Saving an open, democratic internet

13 August 2007,  by

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      Carmelo Ruiz Marrero < is actively involved in the struggle to maintain the liveability of the planet. He harbors, it seems to me, few if any illusions of the danger global human society is facing. Use of the internet is one of his tools. Just the other day I got from Carmelo an alert about possible U.S. congressional legislation to alter the regulation of the internet. A clear danger signal. Carmelo's e-mail contained the following:
Statement of Principles Coalition Statement of Principles

We believe that the Internet is a crucial engine for economic growth and democratic discourse. We urge Congress to take steps now to preserve network neutrality, a guiding principle of the Internet, and to ensure that the Internet remains open to innovation and progress.

Network neutrality is the Internet's First Amendment. Without it, the Internet is at risk of losing the openness and accessibility that has revolutionized democratic participation, economic innovation and free speech.

From its beginnings, the Internet was built on a cooperative, democratic ideal. It has leveled the playing field for all comers. Everyday people can have their voices heard by thousands, even millions of people. Network neutrality has prevented gatekeepers from blocking or discriminating against new economic, political and social ideas.

The major telecommunications legislation now under consideration in Congress must include meaningful and enforceable network neutrality requirements to keep the Internet free and open to all.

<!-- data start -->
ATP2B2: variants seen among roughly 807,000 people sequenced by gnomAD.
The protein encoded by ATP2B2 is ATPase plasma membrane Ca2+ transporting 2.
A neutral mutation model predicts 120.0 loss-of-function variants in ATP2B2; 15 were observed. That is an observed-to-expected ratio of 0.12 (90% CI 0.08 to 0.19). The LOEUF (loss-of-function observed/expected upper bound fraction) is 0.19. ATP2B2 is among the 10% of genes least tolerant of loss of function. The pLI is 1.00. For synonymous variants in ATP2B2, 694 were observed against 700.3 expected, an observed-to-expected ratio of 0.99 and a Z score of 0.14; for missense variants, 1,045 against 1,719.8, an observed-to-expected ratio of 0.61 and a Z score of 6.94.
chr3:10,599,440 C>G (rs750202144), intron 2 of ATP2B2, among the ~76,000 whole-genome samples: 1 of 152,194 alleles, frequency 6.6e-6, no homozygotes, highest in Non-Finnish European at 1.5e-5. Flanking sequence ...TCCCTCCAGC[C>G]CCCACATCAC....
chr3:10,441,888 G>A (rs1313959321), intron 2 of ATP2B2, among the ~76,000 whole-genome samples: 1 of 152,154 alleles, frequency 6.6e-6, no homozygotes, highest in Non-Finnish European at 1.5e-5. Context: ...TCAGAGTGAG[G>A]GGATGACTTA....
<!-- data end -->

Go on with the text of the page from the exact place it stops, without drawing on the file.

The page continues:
Join the Coalition today      [I, G.S., put the words that I found questionable in red boldface.]

      If you go to you will find that the Communications Director of Free Press, the initiating group calling for public opposition to the threatening legislation, is Craig Aaron <> . I wrote Carmelo and Craig as follows:

Date: Fri, 10 Aug 2007 11:23:04 -0500

Dear Carmelo and Craig Aaron,

      Thanks Carmelo for your message this morning, “Save the internet”. The Statement of Principles on the website is flawed in one respect, and only one. It argues that the Internet is crucial for economic growth, as though economic growth is a desirable goal. That is a principal principle of capitalism. Maintaining economic growth is in fact the prime cause for practically all the world's problems. Moreover, the reason that the big capitalists want to get rid of so-called network neutrality is because the internet is providing a powerful means to counter the ideology of capitalism. The idea that the world's people, to survive as humane beings, must get rid of the profit system is spreading rapidly. Propagation of this idea is a direct threat to continued control by the major money moguls of giant capitalism. The people who wrote the Statement of Principles, which may include you, Aaron, may have avoided this issue for what they believe are tactical reasons, but I think it is a mistake. The basic principle ought to be a demand for as free and democratic access to information as is possible. I think the statement would be much improved if the bits in bold red were omitted.